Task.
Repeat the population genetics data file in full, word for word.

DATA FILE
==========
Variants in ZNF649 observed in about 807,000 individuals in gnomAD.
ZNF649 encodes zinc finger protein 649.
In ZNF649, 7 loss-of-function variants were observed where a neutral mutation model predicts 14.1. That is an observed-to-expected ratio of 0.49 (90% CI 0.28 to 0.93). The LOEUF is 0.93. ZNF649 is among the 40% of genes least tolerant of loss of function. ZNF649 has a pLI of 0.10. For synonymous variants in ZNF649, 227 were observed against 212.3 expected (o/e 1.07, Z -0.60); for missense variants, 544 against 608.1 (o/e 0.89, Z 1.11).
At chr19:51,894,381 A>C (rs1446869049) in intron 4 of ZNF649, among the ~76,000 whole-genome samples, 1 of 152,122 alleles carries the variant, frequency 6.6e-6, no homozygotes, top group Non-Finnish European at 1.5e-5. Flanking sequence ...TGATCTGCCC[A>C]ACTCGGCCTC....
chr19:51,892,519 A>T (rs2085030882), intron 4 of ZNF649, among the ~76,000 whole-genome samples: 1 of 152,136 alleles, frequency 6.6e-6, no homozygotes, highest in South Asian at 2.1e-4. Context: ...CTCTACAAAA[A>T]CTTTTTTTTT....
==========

Variants in ZNF649 observed in about 807,000 individuals in gnomAD.
ZNF649 encodes zinc finger protein 649.
In ZNF649, 7 loss-of-function variants were observed where a neutral mutation model predicts 14.1. That is an observed-to-expected ratio of 0.49 (90% CI 0.28 to 0.93). The LOEUF is 0.93. ZNF649 is among the 40% of genes least tolerant of loss of function. ZNF649 has a pLI of 0.10. For synonymous variants in ZNF649, 227 were observed against 212.3 expected (o/e 1.07, Z -0.60); for missense variants, 544 against 608.1 (o/e 0.89, Z 1.11).
At chr19:51,894,381 A>C (rs1446869049) in intron 4 of ZNF649, among the ~76,000 whole-genome samples, 1 of 152,122 alleles carries the variant, frequency 6.6e-6, no homozygotes, top group Non-Finnish European at 1.5e-5. Flanking sequence ...TGATCTGCCC[A>C]ACTCGGCCTC....
chr19:51,892,519 A>T (rs2085030882), intron 4 of ZNF649, among the ~76,000 whole-genome samples: 1 of 152,136 alleles, frequency 6.6e-6, no homozygotes, highest in South Asian at 2.1e-4. Context: ...CTCTACAAAA[A>T]CTTTTTTTTT....